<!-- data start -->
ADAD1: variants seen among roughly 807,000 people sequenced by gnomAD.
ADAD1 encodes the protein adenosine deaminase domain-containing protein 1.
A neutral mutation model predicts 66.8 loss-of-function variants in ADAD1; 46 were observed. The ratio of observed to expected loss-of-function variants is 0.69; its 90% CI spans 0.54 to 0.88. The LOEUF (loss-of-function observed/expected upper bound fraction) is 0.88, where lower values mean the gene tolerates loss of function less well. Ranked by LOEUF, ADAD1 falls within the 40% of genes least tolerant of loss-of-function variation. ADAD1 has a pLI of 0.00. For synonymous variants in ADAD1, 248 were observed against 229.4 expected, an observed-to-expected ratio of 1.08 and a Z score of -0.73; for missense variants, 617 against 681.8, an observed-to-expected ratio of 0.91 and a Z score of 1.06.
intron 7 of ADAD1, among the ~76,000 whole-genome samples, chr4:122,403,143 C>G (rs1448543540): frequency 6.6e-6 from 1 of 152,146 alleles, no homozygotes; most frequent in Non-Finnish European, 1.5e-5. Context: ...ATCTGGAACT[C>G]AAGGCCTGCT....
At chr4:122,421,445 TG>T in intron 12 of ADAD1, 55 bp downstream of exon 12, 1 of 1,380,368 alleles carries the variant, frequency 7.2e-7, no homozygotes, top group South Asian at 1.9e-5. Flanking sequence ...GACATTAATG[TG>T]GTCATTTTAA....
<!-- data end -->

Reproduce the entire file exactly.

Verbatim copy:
ADAD1: variants seen among roughly 807,000 people sequenced by gnomAD.
ADAD1 encodes the protein adenosine deaminase domain-containing protein 1.
A neutral mutation model predicts 66.8 loss-of-function variants in ADAD1; 46 were observed. The ratio of observed to expected loss-of-function variants is 0.69; its 90% CI spans 0.54 to 0.88. The LOEUF (loss-of-function observed/expected upper bound fraction) is 0.88, where lower values mean the gene tolerates loss of function less well. Ranked by LOEUF, ADAD1 falls within the 40% of genes least tolerant of loss-of-function variation. ADAD1 has a pLI of 0.00. For synonymous variants in ADAD1, 248 were observed against 229.4 expected, an observed-to-expected ratio of 1.08 and a Z score of -0.73; for missense variants, 617 against 681.8, an observed-to-expected ratio of 0.91 and a Z score of 1.06.
intron 7 of ADAD1, among the ~76,000 whole-genome samples, chr4:122,403,143 C>G (rs1448543540): frequency 6.6e-6 from 1 of 152,146 alleles, no homozygotes; most frequent in Non-Finnish European, 1.5e-5. Context: ...ATCTGGAACT[C>G]AAGGCCTGCT....
At chr4:122,421,445 TG>T in intron 12 of ADAD1, 55 bp downstream of exon 12, 1 of 1,380,368 alleles carries the variant, frequency 7.2e-7, no homozygotes, top group South Asian at 1.9e-5. Flanking sequence ...GACATTAATG[TG>T]GTCATTTTAA....